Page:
Arda (left) and Yizit (right) after their traditional circumcision. Bradley Secker

Bradley Secker


A patient uses an iPad as a distraction while he is being checked over by Dr. Levent Ozken before leaving the Circumcision Palace for his coming of age sünnet day. Bradley Secker

Ali Girgin after his traditional circumcision. Bradley Secker

Bradley Secker is a photographer based in Istanbul. To view more of his work, check out his website at http://www.bradleysecker.com/.

Graffiti shows how to bypass Turkey’s Twitter block


As Twitchy reported, Twitter has been blocked in most of Turkey just a few days before a crucial election. Current Prime Minister Tayyip Erdoğan has said he will “eliminate” Twitter and other social media sites to protect Turkish citizens and preserve their privacy. The Turkish have found workarounds, though, such as simply changing their DNS settings.

This graffiti spreads the word on how to bypass the block and reconnect to Twitter.


Thanks to workarounds like phone texting and virtual private networks, the Los Angeles Times reports that “rather than chilling use, Twitter reported traffic in Turkey Thursday set a record.”


Reports: NATO member Turkey just bombed the Kurds

You read that right. Our ally in the fight against ISIS, Turkey, is back at war with our other ally in the fight against ISIS, the Kurds. More details:

"The airstrike is the first broad op against the PKK since the gov initiated the peace process with Turkey’s Kurds." http://t.co/p2Q536FClf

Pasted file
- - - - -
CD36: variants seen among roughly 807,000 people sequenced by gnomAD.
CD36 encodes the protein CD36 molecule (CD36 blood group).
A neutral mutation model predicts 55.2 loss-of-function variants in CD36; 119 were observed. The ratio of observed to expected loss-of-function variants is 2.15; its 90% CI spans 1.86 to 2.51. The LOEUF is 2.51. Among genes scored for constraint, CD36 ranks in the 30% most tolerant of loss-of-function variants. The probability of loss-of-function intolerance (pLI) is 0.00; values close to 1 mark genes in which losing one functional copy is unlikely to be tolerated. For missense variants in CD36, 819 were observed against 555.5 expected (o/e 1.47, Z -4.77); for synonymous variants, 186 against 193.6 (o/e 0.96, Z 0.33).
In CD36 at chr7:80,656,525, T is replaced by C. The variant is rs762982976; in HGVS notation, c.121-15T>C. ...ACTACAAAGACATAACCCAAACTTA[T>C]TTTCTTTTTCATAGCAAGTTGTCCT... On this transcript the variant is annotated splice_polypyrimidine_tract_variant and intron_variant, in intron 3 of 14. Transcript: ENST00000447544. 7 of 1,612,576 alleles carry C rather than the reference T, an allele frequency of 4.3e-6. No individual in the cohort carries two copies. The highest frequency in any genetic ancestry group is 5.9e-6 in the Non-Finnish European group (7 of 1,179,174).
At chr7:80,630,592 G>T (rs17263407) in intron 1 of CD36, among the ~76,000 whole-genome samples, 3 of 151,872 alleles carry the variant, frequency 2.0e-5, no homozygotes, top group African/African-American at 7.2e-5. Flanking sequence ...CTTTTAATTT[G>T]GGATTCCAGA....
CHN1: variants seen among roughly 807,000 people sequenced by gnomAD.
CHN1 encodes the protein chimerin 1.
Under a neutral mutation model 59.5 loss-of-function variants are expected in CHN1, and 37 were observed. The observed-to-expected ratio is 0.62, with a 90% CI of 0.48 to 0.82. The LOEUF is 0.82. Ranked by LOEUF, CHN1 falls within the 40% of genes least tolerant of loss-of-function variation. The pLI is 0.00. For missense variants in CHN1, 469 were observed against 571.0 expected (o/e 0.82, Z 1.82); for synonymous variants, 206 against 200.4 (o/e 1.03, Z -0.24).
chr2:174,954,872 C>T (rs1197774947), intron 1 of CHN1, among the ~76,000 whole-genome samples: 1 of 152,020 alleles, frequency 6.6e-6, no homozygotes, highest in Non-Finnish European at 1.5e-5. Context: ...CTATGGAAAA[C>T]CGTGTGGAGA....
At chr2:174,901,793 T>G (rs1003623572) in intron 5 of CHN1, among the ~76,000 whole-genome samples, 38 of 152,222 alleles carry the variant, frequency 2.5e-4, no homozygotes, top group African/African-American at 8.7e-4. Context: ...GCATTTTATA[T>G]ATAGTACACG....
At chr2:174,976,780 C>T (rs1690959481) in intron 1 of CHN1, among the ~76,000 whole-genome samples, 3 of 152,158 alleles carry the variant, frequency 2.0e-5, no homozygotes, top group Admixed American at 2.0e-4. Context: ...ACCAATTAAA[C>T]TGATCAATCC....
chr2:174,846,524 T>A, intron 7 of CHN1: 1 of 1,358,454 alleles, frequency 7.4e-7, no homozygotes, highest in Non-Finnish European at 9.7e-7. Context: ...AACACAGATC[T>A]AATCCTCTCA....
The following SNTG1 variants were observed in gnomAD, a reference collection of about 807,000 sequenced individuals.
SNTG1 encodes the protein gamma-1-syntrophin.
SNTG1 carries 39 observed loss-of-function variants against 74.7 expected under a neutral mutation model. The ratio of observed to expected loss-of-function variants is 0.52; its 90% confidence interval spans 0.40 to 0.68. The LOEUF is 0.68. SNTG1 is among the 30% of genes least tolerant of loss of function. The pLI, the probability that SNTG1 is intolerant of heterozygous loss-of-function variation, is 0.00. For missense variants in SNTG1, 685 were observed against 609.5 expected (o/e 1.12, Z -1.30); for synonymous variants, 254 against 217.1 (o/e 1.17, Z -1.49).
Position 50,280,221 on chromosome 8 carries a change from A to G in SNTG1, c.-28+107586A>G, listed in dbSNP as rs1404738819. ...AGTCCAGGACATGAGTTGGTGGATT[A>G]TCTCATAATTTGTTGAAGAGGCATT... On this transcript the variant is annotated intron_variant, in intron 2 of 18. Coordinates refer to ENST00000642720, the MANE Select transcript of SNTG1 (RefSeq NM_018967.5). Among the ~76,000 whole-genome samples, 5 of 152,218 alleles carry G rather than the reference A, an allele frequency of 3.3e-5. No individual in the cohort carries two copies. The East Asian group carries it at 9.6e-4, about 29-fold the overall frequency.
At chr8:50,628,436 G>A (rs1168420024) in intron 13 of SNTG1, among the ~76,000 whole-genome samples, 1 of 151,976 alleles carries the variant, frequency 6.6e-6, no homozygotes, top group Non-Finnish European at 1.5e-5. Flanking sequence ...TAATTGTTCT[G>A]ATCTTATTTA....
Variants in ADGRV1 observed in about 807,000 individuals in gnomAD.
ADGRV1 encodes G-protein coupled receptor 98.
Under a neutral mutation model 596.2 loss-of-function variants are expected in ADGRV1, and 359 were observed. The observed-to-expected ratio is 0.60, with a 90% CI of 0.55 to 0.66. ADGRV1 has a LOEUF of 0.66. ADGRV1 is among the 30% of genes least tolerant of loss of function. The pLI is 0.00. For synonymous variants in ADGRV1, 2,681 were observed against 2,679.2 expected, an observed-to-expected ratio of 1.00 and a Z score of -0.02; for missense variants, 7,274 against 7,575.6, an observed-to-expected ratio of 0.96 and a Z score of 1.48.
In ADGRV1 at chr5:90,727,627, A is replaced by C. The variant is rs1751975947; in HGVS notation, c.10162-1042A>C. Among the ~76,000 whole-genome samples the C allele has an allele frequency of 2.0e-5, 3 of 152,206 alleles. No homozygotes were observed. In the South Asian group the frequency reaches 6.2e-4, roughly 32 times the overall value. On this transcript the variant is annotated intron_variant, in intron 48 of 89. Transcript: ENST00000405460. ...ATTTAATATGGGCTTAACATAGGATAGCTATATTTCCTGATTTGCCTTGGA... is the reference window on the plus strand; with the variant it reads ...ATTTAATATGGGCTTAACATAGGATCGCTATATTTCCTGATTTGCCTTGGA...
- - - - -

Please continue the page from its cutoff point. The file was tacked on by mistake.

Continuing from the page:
— Mike Giglio (@mike_giglio) October 14, 2014

Kurdish PKK militants say Turkey violated ceasefire with air strikes http://t.co/bKDmttfyUK

— Reuters World (@ReutersWorld) October 14, 2014

Turkey bombs Kurds fighting ISIS. West bombs ISIS, who were fighting Assad. Assad drops barrel bombs on civilians. West cross with Turkey.

— James Mackintosh (@jmackin2) October 14, 2014

Finally, NATO allies join the…wha? RT @haaretzcom Turkish planes hit Kurdish targets in southeast Turkey http://t.co/9IRRdyZFsJ

— Tom Gara (@tomgara) October 14, 2014

Mideast violence spreads as Turkey bombs Kurdish militants http://t.co/i72P7o3WDk

— Reuters Top News (@Reuters) October 14, 2014

The relationship between Turkey and the Kurds just got messier, despite their common enemy – http://t.co/PmHyKHY8cc pic.twitter.com/Z3lNphrx5i

— CBS News (@CBSNews) October 14, 2014

As Turkey is a NATO member and NATO countries are sworn to protect one another, this is a great question:

Turkey bombs Kurdish militants in Syria. So if Kurds fight back, NATO is at war? http://t.co/zvRL2KQjyb

— Andrew Stiles (@AndrewStilesUSA) October 14, 2014